Having just returned from London via Cambridge I have two days at home during which I field the aftermath of Who Do You Think You Are? Live. I have to respond to a Twitter storm following my talks and books launches. I have been added to the pool of lecturers for the Unlock the Past Cruises, there are articles to write and I have more volunteers to add to my pool for the 1946-1969 memories project.
Then a sad journey to the Isle of Wight for a friend’s funeral. As we travel across the Somerset levels there is a strange light in the sky. It resembles a truncated rainbow with a greenish tinge. It turns out that this is the aurora borealis. Having travelled to Lapland and missed it there, here it is not a hundred miles from home. We stop for sustenance. The restaurant is almost empty. Without a hint of sarcasm the maitre de says ‘I will see if we can find room for you’. Next morning we arrive very early for the ferry to the island. So early in fact that we get on the one that leaves nearly two hours before our intended sailing. This is the ferry beloved of large lorries. In the interests of fuel economy we are driving my very tiny car, which is dwarfed by surrounding vehicles. As we drive on to the ferry the news comes that my awaited grandson may be putting in an early appearance. So in the paradox that is the circle of life I find myself saying goodbye to a friend as my daughter is in labour.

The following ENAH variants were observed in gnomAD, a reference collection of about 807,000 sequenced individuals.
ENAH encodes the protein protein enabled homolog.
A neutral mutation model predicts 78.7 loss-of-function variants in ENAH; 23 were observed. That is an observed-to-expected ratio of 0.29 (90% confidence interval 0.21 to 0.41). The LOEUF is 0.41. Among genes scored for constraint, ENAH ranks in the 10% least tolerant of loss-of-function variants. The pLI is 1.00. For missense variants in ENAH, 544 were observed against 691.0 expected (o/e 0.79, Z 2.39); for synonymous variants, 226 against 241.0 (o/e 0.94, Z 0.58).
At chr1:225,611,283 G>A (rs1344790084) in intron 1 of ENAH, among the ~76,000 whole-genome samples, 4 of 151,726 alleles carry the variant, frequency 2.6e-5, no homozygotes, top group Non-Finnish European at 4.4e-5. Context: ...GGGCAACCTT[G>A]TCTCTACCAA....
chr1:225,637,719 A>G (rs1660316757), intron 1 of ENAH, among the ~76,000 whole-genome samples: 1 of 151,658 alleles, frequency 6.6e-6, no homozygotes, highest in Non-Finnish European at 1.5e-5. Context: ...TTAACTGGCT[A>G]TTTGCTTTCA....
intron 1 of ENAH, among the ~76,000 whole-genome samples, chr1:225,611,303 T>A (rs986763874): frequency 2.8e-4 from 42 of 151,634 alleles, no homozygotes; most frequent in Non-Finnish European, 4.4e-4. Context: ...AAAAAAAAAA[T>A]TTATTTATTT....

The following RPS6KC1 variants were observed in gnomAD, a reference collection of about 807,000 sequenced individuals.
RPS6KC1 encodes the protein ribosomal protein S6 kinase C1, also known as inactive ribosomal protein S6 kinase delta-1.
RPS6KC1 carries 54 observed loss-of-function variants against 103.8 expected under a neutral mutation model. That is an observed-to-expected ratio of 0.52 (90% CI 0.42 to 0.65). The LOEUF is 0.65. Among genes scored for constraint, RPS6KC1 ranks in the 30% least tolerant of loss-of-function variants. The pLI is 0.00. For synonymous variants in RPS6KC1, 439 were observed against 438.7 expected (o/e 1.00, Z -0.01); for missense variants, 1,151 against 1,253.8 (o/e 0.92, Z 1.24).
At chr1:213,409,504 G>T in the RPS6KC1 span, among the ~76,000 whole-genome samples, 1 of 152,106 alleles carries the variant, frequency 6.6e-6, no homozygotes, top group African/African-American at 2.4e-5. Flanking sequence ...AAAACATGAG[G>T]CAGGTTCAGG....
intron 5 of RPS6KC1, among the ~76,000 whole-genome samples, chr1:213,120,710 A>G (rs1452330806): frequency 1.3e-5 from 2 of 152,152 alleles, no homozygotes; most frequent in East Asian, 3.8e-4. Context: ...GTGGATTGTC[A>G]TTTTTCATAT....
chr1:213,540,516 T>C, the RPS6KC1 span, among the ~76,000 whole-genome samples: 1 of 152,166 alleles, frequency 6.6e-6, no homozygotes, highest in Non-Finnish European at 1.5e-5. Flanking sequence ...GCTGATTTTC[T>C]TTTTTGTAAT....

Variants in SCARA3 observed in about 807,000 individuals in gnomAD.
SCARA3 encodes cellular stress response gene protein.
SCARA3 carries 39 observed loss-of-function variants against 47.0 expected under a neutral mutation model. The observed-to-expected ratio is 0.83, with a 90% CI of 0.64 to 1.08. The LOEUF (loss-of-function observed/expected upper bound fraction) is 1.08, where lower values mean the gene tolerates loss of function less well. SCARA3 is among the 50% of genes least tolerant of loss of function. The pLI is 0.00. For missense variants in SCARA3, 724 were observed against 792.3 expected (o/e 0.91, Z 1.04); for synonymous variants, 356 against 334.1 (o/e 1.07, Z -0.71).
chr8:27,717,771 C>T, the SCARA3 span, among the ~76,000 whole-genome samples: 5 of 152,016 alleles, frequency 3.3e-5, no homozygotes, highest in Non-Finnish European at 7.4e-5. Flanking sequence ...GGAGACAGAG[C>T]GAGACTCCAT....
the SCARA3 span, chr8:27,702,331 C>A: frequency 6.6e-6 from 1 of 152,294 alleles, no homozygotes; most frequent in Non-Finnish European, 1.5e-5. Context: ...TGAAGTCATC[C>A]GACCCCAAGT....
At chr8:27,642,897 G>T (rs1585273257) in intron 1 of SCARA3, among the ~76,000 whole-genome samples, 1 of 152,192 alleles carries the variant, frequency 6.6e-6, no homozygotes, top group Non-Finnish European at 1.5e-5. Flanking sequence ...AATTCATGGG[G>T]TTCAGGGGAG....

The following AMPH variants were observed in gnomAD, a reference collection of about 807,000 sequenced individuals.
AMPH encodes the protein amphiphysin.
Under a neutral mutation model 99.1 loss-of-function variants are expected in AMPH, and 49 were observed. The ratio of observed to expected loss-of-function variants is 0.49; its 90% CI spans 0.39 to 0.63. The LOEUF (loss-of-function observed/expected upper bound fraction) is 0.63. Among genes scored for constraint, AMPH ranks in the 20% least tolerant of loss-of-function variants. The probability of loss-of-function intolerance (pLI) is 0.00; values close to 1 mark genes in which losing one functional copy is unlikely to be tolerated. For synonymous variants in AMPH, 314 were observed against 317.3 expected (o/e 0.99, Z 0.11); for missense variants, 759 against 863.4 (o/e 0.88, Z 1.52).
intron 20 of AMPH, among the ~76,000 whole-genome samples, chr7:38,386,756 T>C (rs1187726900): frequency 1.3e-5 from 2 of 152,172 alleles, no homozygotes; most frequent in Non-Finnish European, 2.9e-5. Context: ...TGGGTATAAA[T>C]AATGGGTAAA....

The exciting news of Edward Leo’s arrival reaches us by evening. So whilst fireworks announced Lucy’s arrival, Edward’s was heralded by the aurora. We make it back home from the island at 1.30am. For someone who almost never sees 11pm this is a big deal in itself. Nine hours and several messages to workmen later, we are heading north to meet the latest addition to the family. He is of course completely gorgeous and I spend a lovely couple of days getting to know him. An added bonus is when his auntie, uncle and cousin come visiting and I get the chance to cuddle two grandchildren at once!
And the building works? Pales into insignificance really. There was the occasion when I had four different sets of workmen in the house at the same time. Four men plastering various walls, the house painting man, the Rayburn fixing man and the plumber removing what used to be an outside tap but which was now in the conservatory. Weird one this – removed at the request of the plasterer so he could plasterboard over it and make a nice flat wall. Having organised this, said plasterer needs access to water so he can plaster whilst I am out. ‘Do I have an outside tap?’ Well, I did have an outside tap. Unfortunately one of the various workmen here while I was away meeting Edward inadvertently (at least I hope it was inadvertently) turned the freezer off. Now the conservatory is almost complete I have to run the gauntlet af kitchen fitters. One day I shall get my house back and I promise we shall get back to historical posts soon!